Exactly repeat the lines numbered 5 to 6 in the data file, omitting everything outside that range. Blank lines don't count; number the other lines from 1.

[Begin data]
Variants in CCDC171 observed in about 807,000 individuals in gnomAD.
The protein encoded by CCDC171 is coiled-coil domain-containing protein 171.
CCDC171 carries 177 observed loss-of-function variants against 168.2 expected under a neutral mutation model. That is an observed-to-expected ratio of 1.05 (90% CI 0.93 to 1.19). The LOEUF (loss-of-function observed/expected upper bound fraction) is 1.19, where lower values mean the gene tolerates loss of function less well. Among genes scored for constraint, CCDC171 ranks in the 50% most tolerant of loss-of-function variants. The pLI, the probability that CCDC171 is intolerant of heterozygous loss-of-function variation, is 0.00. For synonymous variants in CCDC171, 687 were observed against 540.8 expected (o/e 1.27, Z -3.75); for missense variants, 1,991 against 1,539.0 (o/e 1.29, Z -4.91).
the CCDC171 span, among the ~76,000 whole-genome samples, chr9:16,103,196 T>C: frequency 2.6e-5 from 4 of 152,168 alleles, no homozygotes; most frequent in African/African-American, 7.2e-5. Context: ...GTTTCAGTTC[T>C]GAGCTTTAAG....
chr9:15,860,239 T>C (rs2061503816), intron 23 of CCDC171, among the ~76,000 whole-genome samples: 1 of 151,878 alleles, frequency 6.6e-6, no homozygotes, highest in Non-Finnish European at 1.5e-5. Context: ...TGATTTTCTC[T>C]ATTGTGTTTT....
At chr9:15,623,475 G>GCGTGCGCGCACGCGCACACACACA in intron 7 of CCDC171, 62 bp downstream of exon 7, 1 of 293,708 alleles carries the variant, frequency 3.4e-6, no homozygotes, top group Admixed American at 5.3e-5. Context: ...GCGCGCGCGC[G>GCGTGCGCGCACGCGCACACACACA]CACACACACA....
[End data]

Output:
chr9:15,860,239 T>C (rs2061503816), intron 23 of CCDC171, among the ~76,000 whole-genome samples: 1 of 151,878 alleles, frequency 6.6e-6, no homozygotes, highest in Non-Finnish European at 1.5e-5. Context: ...TGATTTTCTC[T>C]ATTGTGTTTT....
At chr9:15,623,475 G>GCGTGCGCGCACGCGCACACACACA in intron 7 of CCDC171, 62 bp downstream of exon 7, 1 of 293,708 alleles carries the variant, frequency 3.4e-6, no homozygotes, top group Admixed American at 5.3e-5. Context: ...GCGCGCGCGC[G>GCGTGCGCGCACGCGCACACACACA]CACACACACA....